Nothing but the Tooth column: Relieving pain can leave patient numb
Columns share an author’s personal perspective.
Q: Whenever I go to the dentist and have to have a filling done, I think the worst part is the numbness. My dentist is really good at giving me the shot so that does not bother me too much. But, I always walk out of the office numb. Either I have a numb lip or a numb cheek or something like that and I often bite it and when the shot wears off, it really hurts for a few days. I hate that feeling. Isn’t there something that can be done to make it wear off much faster or even immediately?
- S.P., Burlington, Massachusetts
A: In a perfect world, that would be wonderful. It would be even better if you never needed a shot in the first place. The problem is that usually the teeth in your mouth are alive (unless they have had root canal therapy) and you have to realize that dental treatment is a surgical treatment. If the dentist has to cut into your tooth to remove disease and then restore your tooth, he/she has the responsibility of making the procedure as comfortable as possible. If a general medical surgeon cuts into a part of your body, they have to do the same and usually they do that with the help of another doctor (the anesthesiologist) who administers a drug to control the pain of that surgical procedure. In dentistry, pain control is usually done by the dentists themselves. There are however, some options you may discuss with your dentist.
There are multiple types of drugs that can be used to numb your tooth. Some of these are stronger than others and some take longer to wear off than others. You can definitely discuss these options with your dentist. Remember that pain is largely subjective. What one person feels does not mean that another will feel the same. In my practice years, I have had times where patients have asked if I could do the procedure without the need to numb. Often, they use the same reason as the one you stated in your question.
If the procedure is going to be very quick and I think the pain will be very minimal, I will give them that option. What I can do to control the discomfort is to make sure that I use a very light touch when I am handling the drill that cuts into your tooth. Also, if I use a very sharp and maybe new cutting tip or bur, it will be able to cut much faster and with much less force on my part. If I am very careful to make sure to use a good amount of cooling agent (water spray), then the amount of heat that might be generated will be under control and that will minimize the pain. What I am saying is that the pain associated with the surgical dental procedure can be minimized to some extent with how the dentist performs the surgery.
Another factor to consider is age. As we get older, the nerves in our teeth tend to shrink often just because of age. If a tooth has been drilled on before, the nerve will recede because of the irritation of that prior surgery. If the dentist can see on a radiograph that the nerve is much smaller than normal and you have asked whether the procedure can be done without a “shot,” he/she might consider that. Also, if a tooth has had prior root canal treatment and there is therefore no nerve in the tooth, then no numbing will be needed.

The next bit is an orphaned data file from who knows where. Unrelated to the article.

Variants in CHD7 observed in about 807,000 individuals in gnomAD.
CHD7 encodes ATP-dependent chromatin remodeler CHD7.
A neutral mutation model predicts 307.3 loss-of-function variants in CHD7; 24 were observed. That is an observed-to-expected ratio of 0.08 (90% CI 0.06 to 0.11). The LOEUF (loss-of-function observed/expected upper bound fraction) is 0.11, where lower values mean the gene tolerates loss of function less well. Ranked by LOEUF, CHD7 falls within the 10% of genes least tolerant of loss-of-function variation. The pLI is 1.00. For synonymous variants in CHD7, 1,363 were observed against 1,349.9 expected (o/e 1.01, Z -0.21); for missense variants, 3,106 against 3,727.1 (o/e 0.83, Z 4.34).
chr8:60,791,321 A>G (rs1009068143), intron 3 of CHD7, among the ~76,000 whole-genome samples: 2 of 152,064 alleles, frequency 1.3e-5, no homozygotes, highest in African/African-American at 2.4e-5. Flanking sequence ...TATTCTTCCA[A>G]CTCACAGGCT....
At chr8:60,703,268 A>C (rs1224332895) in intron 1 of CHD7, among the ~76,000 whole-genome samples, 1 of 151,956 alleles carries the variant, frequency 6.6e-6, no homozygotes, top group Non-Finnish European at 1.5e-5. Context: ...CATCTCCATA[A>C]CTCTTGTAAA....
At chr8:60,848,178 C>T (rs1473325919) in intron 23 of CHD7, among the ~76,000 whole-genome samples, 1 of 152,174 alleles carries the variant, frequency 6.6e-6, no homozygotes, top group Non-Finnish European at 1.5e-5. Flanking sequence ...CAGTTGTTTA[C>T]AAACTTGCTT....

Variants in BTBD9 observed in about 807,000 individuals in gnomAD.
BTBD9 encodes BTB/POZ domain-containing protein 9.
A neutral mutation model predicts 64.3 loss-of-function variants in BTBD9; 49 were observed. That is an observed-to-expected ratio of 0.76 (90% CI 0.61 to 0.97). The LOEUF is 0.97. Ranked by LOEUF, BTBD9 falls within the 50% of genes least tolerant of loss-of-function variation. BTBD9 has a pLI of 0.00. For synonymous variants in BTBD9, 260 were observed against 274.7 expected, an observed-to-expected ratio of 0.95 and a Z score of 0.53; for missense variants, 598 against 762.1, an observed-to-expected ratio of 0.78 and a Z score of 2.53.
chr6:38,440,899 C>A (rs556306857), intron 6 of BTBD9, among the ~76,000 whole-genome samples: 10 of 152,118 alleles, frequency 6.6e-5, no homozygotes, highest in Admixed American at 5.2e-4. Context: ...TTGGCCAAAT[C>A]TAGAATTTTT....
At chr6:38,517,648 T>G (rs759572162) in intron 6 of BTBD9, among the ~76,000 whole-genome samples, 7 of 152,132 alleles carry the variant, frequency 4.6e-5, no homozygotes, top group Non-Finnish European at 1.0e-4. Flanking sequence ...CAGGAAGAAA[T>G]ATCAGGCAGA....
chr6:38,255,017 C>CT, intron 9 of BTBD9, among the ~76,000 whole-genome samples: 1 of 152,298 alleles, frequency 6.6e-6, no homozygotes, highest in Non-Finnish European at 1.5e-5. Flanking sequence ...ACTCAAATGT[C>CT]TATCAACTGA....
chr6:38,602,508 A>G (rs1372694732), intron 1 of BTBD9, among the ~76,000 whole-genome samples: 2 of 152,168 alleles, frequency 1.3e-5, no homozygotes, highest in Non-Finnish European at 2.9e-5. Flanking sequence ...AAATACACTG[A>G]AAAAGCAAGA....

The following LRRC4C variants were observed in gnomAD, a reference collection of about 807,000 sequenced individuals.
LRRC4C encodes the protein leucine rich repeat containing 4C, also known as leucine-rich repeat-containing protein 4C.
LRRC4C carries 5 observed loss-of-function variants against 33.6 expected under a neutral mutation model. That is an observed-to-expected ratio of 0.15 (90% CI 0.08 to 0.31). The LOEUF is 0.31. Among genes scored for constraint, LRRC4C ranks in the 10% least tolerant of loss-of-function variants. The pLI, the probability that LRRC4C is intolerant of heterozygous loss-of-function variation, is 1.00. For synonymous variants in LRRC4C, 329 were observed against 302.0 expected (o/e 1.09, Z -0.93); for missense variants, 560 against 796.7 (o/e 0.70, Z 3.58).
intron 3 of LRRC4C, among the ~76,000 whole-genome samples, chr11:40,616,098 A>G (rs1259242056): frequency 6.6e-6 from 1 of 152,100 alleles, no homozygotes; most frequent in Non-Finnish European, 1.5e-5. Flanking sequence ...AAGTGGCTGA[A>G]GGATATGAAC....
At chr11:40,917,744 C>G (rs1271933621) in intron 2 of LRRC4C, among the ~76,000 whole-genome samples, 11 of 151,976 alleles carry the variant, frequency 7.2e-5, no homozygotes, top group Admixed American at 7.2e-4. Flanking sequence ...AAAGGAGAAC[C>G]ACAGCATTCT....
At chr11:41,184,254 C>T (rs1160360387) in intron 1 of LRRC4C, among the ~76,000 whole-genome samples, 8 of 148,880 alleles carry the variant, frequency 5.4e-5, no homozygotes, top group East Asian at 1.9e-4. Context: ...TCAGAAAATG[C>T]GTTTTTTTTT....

The type of local anesthetic that is used can also be discussed and you should let the dentist know what your concerns are about the numb feeling that remains after the procedure is complete. There are local anesthetics that wear off very quickly and some that last a long time (used if a procedure is going to take longer than usual). In addition, the location and type of injection given can have an affect on the time taken to wear off.
S.P., what I am saying is that all concerns can be discussed with your dentist before the procedure is begun. The most important part of what I am always trying to convey to my readers is that there is no question that should not be brought up to your dentist. If it is a thought or concern of yours then bring it up and you should get a very thorough and understandable answer. If you do not, then that alone says something negative about the clinician and should make you question whether the “doctor is always right” and should you maybe consider treatment elsewhere.
Last but not least is that if after all your questions, you and your dentist decide that you have to be numb, then be very careful to not chew anything at all until the numbness has totally worn off. For some that can be a long time and sometimes not under the control of the dentist or drug chosen. If that happens, be as careful as you can and be happy that your dentist made the surgery as comfy as he/she could.
Dr. Richard Greenberg of Ipswich, Massachusetts, practiced dentistry for 45 years after having attended dental school at Columbia University, where he was later an associate clinical professor of restorative dentistry and facilitator of the course of ethics. Do you have a dental question or comment about the column? Email him at email@example.com.